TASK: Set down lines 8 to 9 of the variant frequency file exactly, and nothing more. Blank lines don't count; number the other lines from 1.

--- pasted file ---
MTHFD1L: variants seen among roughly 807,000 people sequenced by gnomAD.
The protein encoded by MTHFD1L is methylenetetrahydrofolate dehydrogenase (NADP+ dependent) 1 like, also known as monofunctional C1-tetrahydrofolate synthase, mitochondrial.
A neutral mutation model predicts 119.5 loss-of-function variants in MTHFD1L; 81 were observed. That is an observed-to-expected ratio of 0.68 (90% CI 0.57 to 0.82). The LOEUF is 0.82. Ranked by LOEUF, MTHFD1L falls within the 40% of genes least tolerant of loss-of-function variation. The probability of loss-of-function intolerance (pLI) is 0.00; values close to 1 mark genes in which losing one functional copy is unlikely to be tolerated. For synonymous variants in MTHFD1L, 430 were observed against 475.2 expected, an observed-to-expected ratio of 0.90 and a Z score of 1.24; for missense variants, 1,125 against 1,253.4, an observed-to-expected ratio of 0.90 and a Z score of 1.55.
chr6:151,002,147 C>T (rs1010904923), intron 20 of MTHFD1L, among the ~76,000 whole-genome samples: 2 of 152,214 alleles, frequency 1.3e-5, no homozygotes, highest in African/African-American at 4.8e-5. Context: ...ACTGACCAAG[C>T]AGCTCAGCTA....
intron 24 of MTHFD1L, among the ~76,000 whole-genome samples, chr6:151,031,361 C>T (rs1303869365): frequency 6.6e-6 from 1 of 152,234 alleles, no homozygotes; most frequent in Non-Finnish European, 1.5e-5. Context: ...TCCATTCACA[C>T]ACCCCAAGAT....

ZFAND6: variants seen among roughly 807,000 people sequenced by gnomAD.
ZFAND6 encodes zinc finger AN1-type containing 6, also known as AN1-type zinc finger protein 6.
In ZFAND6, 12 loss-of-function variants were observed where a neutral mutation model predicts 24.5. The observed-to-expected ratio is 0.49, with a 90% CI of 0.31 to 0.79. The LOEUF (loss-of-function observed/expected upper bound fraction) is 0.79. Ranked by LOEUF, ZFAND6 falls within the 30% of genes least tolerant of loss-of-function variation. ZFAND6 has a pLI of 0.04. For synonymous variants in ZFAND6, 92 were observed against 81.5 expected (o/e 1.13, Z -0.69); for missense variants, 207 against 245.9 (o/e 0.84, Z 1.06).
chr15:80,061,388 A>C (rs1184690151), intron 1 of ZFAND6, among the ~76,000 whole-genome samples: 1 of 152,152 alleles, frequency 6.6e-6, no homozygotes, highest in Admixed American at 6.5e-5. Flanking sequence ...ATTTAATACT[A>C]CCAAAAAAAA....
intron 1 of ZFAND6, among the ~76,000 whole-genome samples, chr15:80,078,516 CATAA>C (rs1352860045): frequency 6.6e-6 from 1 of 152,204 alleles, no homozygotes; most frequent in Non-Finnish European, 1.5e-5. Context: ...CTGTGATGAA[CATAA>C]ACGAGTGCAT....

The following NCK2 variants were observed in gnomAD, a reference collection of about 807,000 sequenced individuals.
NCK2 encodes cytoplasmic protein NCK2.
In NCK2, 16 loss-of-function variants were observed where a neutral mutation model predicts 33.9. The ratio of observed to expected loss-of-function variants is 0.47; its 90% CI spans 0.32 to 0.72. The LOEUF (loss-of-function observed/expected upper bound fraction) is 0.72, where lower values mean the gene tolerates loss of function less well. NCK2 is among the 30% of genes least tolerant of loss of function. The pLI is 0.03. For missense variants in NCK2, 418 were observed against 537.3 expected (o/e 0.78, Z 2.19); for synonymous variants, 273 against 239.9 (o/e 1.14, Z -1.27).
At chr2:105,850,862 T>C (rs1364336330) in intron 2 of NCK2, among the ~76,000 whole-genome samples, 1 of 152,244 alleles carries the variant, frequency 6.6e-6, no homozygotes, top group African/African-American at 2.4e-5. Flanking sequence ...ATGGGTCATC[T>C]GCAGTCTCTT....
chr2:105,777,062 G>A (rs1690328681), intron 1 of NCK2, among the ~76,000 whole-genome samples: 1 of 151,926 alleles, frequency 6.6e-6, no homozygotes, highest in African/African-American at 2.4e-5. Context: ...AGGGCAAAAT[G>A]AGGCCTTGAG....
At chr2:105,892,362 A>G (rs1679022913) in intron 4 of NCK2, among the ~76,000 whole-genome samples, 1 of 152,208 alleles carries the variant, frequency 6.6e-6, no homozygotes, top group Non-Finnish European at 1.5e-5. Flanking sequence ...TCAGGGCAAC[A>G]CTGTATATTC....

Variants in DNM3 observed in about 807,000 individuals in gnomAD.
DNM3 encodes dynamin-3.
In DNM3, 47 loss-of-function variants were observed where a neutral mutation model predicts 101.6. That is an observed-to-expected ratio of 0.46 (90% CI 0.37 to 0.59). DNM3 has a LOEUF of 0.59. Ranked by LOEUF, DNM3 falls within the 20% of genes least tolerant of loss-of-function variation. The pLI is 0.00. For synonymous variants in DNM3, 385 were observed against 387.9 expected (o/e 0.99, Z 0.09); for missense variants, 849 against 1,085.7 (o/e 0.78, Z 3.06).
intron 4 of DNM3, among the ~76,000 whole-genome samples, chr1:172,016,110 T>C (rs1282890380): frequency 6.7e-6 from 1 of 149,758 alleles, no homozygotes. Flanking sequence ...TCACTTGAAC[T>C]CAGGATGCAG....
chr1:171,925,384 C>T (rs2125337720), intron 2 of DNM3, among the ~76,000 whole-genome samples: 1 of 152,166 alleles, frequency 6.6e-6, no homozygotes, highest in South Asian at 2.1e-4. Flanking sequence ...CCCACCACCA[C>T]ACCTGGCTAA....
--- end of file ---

In ZFAND6, 12 loss-of-function variants were observed where a neutral mutation model predicts 24.5. The observed-to-expected ratio is 0.49, with a 90% CI of 0.31 to 0.79. The LOEUF (loss-of-function observed/expected upper bound fraction) is 0.79. Ranked by LOEUF, ZFAND6 falls within the 30% of genes least tolerant of loss-of-function variation. ZFAND6 has a pLI of 0.04. For synonymous variants in ZFAND6, 92 were observed against 81.5 expected (o/e 1.13, Z -0.69); for missense variants, 207 against 245.9 (o/e 0.84, Z 1.06).
chr15:80,061,388 A>C (rs1184690151), intron 1 of ZFAND6, among the ~76,000 whole-genome samples: 1 of 152,152 alleles, frequency 6.6e-6, no homozygotes, highest in Admixed American at 6.5e-5. Flanking sequence ...ATTTAATACT[A>C]CCAAAAAAAA....